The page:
We hear this refrain every time a murder is committed, and it has helped weapons manufacturers and retailers duck culpability (well, the Second Amendment hasn't hurt, either).
Does the same excuse work for all technologies? I ask because a fellow dim bulber sent over this story about how the Iranian Gestapo uses an Internet monitoring system built by Nokia and Siemens to snoop on its citizenry. It is reminiscent in some respects to the revelation that Hitler used IBM systems to manage the Final Solution.
In both examples, the allegation is that the technology providers knew, at least implicitly, that they were dealing with evil thugs, and that they may have had explicit knowledge that the deliverables of their contracts would get put to nefarious uses. So the question is whether, or how much, should we hold these brands accountable when their handiwork enables their clients to do bad things?
I'm not sure I have the answer.
There certainly was a flurry of angry tweets about Siemens and Nokia which, like most social media phenomena these days, peaked and subsided in about a nanosecond (a recent Twitter search yielded less than a dozen mentions over the past 6 hours, which is hardly a tidal wave). I can't find any proof that the IBM revelation in 2001 did anything to its sales.
We can argue about long-term damage to brand equity or corporate reputation, but the marketing industry is having a damned hard time finding any evidence of long-term benefits from heavy investments in and/or good news about brands. Consumers are supposed to care about attributes associated with products and services, and then qualitatively weigh them when they make purchase decisions.
Only they don't, at least not in anything past the immediate now.
I'm sure some IBM shareholders divested themselves of the stock when the Nazi connection first surfaced, and likewise more than a couple principled humans probably trashed their Nokia and Siemens phones. But after that initial rush to action, I suspect the relevance of the content receded into the blurry wash of Internet noise.
Whether we should care more is a deeper, more fascinating issue.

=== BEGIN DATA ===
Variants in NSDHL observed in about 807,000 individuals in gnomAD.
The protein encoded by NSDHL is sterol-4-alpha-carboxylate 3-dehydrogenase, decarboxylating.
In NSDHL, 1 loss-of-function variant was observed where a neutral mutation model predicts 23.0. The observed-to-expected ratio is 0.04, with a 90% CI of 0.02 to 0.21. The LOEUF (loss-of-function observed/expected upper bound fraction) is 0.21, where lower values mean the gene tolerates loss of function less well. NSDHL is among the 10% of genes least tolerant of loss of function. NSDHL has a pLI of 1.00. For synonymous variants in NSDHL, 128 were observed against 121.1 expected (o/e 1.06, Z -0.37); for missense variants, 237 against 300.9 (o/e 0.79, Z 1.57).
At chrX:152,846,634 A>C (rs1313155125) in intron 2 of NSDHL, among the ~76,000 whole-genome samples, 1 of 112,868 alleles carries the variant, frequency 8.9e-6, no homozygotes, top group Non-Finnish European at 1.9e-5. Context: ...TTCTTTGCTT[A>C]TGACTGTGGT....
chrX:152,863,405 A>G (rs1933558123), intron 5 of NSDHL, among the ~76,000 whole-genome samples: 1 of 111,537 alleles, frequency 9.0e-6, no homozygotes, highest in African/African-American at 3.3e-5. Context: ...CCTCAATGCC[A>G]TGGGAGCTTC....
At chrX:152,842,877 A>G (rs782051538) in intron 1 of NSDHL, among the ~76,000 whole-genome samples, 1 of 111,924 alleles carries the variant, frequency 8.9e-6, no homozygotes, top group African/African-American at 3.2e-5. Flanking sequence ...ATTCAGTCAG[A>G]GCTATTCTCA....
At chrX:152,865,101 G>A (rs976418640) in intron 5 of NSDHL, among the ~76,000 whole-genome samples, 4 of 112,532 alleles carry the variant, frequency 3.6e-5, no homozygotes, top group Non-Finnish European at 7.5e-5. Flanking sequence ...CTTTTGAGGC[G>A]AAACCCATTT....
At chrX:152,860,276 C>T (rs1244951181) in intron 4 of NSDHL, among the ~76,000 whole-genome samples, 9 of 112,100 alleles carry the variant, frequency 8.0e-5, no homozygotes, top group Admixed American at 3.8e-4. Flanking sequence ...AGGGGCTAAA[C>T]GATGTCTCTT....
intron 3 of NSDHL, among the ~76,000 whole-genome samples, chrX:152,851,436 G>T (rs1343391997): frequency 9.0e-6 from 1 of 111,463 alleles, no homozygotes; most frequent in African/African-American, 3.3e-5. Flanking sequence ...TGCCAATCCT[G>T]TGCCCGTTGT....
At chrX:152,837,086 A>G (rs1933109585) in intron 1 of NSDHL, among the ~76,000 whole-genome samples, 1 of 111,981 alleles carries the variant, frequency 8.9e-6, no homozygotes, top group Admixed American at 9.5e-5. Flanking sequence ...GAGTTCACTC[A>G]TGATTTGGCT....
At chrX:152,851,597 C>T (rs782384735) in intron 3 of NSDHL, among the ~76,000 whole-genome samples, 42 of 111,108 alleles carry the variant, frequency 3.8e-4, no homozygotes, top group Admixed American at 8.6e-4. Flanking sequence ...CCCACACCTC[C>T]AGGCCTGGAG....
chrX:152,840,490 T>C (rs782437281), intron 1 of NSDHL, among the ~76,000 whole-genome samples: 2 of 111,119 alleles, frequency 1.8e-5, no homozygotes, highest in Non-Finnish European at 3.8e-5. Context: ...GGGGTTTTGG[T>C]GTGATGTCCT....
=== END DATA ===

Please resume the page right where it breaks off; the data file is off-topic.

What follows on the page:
Businesses often turn a blind eye to some of the potential negative implications of their behavior (complying with just the letter of the law on, say, product safety, or disclosing only the barest required information on company performance). Forget complaining about the health issues of eating sausage. We really don't want to see how it's made: in a separate event, Siemens just settled with the World Bank for a cool $100 million to avoid conviction on charges of bribing government officials in at least 10 countries. Even in the most charitable analysis, it's worth discussing the indirect role companies play in influencing our lives, with at least some reasoned consideration of technology. Ultimately, guns AND and people kill people.
Social media give us the tools for such conversations, only I can't find much proof that they're being used that way. Instead, some folks declared that Nokia and Siemens are run by Satan, and others repeated the accusations. Some of the mainstream reporters added that the functions inherent in the Iranian systems are commonly used by other governments to accomplish less heinous goals. And then Michael Jackson died.
So much for context or continuity.
I don't think the Iran imbroglio will be enough to stop Siemens, Nokia, or any companies from writing future contracts that equipment could be repurposed to unexpected, or just uncomfortable uses. Their marketing communications response has been (and likely will be) to say little to nothing.
To get businesses engaged in real conversation would take a real conversation among consumers and/or investors. Angry tweets are just light entertainment.